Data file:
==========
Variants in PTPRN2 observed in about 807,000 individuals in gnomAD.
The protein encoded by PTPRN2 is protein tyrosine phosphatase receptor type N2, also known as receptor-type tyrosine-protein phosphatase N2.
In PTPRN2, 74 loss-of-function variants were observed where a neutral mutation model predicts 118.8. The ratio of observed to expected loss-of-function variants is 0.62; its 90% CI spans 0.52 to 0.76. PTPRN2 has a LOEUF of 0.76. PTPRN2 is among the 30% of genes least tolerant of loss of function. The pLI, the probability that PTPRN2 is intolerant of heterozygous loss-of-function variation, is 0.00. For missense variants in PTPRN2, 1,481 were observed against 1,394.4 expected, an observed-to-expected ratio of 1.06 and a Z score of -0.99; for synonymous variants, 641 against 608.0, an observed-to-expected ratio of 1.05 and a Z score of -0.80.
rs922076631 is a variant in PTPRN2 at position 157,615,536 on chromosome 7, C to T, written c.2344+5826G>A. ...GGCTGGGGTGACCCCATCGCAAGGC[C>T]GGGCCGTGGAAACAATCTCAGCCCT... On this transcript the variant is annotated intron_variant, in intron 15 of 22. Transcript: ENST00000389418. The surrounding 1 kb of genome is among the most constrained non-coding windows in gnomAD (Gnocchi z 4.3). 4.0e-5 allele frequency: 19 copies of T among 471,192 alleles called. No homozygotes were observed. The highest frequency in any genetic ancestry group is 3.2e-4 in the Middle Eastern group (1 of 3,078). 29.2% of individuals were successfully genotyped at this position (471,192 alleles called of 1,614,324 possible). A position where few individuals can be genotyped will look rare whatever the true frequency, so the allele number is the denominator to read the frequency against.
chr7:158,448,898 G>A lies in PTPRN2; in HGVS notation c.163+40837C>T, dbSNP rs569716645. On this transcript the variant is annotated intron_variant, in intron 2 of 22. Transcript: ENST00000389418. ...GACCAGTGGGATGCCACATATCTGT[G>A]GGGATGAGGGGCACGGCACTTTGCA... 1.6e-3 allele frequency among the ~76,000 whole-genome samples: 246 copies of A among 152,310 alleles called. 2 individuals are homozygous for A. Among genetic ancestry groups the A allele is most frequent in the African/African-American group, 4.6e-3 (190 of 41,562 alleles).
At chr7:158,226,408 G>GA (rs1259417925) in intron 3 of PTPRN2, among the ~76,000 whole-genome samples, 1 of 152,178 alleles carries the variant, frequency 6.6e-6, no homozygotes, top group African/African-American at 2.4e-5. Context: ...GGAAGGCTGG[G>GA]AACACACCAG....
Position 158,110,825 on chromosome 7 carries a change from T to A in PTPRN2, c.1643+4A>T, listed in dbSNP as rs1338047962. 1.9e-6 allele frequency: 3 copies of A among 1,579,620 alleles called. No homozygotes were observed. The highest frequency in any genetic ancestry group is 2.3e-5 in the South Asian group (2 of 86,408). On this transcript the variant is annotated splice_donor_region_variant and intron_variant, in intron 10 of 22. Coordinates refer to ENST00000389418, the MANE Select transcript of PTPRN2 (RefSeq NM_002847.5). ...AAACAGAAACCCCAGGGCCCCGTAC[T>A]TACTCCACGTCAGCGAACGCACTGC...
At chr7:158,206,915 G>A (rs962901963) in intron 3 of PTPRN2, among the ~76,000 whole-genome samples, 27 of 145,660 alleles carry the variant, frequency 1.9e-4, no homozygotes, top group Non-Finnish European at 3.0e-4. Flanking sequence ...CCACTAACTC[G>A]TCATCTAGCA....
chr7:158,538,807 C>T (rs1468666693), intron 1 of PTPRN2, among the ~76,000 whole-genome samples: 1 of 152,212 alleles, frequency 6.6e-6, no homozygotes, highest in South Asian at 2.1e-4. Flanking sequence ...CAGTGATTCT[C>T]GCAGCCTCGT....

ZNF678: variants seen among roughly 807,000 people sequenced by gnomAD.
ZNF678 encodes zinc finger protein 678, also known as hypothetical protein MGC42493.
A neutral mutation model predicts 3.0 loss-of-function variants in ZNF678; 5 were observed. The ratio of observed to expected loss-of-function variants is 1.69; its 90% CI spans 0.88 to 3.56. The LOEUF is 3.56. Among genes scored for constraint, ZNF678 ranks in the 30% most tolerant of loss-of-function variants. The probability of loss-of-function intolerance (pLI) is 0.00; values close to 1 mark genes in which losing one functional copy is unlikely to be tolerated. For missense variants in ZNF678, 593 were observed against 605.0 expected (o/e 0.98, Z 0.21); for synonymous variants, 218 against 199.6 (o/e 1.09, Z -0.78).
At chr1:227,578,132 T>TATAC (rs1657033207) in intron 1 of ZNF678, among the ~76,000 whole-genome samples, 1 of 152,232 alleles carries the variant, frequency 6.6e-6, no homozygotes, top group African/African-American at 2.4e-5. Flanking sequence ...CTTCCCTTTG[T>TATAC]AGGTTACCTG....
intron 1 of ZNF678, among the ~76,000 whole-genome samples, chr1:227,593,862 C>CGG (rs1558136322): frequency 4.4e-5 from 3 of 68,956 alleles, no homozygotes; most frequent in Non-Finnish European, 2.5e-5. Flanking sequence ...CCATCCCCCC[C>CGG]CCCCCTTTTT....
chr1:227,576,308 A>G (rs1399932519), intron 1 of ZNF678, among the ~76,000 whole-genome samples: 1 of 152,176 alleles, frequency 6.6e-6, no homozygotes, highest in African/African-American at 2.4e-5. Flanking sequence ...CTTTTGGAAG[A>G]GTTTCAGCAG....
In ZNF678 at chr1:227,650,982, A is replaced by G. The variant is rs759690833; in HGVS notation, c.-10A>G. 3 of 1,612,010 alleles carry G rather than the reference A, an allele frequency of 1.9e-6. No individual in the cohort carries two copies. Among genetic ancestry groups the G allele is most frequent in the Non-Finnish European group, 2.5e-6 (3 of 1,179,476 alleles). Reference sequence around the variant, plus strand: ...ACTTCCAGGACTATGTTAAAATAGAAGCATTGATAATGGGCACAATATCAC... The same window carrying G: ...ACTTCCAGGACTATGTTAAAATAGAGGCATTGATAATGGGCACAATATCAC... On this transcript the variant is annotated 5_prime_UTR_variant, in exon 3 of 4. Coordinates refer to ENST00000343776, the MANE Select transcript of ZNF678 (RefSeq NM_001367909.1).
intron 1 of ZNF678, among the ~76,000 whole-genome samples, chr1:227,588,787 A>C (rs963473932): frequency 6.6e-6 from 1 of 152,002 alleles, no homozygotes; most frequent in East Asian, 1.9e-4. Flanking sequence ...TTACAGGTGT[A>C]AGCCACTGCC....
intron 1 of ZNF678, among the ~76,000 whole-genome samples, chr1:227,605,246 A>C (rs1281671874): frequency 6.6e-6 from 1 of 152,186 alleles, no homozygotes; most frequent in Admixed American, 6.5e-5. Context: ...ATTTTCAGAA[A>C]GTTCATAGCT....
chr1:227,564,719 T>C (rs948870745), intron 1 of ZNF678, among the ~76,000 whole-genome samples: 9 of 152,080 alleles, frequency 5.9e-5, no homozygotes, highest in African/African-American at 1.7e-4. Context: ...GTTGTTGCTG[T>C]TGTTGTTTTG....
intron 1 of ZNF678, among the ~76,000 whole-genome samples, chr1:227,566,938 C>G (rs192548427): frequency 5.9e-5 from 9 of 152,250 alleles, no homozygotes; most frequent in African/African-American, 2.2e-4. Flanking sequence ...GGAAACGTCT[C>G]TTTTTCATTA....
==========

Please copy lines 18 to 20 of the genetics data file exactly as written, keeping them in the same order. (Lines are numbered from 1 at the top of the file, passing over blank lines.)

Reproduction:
intron 1 of ZNF678, among the ~76,000 whole-genome samples, chr1:227,605,246 A>C (rs1281671874): frequency 6.6e-6 from 1 of 152,186 alleles, no homozygotes; most frequent in Admixed American, 6.5e-5. Context: ...ATTTTCAGAA[A>C]GTTCATAGCT....
chr1:227,564,719 T>C (rs948870745), intron 1 of ZNF678, among the ~76,000 whole-genome samples: 9 of 152,080 alleles, frequency 5.9e-5, no homozygotes, highest in African/African-American at 1.7e-4. Context: ...GTTGTTGCTG[T>C]TGTTGTTTTG....
intron 1 of ZNF678, among the ~76,000 whole-genome samples, chr1:227,566,938 C>G (rs192548427): frequency 5.9e-5 from 9 of 152,250 alleles, no homozygotes; most frequent in African/African-American, 2.2e-4. Flanking sequence ...GGAAACGTCT[C>G]TTTTTCATTA....